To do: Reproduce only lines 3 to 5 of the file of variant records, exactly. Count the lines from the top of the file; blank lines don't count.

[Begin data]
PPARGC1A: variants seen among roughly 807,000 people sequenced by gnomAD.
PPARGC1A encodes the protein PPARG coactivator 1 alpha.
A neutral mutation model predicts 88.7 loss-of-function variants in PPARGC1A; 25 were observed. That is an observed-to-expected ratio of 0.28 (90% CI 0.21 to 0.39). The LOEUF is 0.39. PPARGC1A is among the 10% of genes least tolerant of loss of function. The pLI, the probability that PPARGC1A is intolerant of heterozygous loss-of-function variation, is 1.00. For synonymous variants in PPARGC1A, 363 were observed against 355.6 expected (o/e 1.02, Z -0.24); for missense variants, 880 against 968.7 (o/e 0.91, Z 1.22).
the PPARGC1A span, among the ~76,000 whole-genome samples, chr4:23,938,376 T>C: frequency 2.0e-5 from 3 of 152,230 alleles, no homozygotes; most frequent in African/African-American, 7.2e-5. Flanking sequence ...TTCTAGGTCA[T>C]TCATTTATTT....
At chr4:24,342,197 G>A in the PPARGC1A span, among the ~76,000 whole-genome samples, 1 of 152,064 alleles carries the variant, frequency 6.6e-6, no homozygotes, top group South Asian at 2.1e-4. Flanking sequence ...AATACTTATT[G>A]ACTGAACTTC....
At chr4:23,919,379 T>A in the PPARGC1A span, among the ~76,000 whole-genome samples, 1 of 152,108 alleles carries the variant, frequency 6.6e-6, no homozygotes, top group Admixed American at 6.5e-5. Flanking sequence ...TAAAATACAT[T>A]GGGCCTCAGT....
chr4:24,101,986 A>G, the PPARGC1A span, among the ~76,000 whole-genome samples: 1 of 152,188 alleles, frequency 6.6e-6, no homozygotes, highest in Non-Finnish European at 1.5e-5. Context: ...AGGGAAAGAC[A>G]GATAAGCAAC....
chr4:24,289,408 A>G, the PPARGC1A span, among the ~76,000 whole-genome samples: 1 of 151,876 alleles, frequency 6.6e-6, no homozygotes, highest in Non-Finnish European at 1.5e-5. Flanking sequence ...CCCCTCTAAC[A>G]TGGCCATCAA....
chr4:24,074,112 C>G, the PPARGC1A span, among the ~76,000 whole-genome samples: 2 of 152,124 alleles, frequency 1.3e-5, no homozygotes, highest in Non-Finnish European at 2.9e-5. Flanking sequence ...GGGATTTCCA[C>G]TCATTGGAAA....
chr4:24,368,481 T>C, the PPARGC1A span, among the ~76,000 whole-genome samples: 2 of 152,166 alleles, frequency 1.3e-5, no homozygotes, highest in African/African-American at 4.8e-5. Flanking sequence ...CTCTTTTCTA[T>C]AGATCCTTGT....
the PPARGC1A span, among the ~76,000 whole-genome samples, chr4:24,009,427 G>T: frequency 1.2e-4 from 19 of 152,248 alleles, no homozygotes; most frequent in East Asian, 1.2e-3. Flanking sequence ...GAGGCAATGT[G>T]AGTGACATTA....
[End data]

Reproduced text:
A neutral mutation model predicts 88.7 loss-of-function variants in PPARGC1A; 25 were observed. That is an observed-to-expected ratio of 0.28 (90% CI 0.21 to 0.39). The LOEUF is 0.39. PPARGC1A is among the 10% of genes least tolerant of loss of function. The pLI, the probability that PPARGC1A is intolerant of heterozygous loss-of-function variation, is 1.00. For synonymous variants in PPARGC1A, 363 were observed against 355.6 expected (o/e 1.02, Z -0.24); for missense variants, 880 against 968.7 (o/e 0.91, Z 1.22).
the PPARGC1A span, among the ~76,000 whole-genome samples, chr4:23,938,376 T>C: frequency 2.0e-5 from 3 of 152,230 alleles, no homozygotes; most frequent in African/African-American, 7.2e-5. Flanking sequence ...TTCTAGGTCA[T>C]TCATTTATTT....
At chr4:24,342,197 G>A in the PPARGC1A span, among the ~76,000 whole-genome samples, 1 of 152,064 alleles carries the variant, frequency 6.6e-6, no homozygotes, top group South Asian at 2.1e-4. Flanking sequence ...AATACTTATT[G>A]ACTGAACTTC....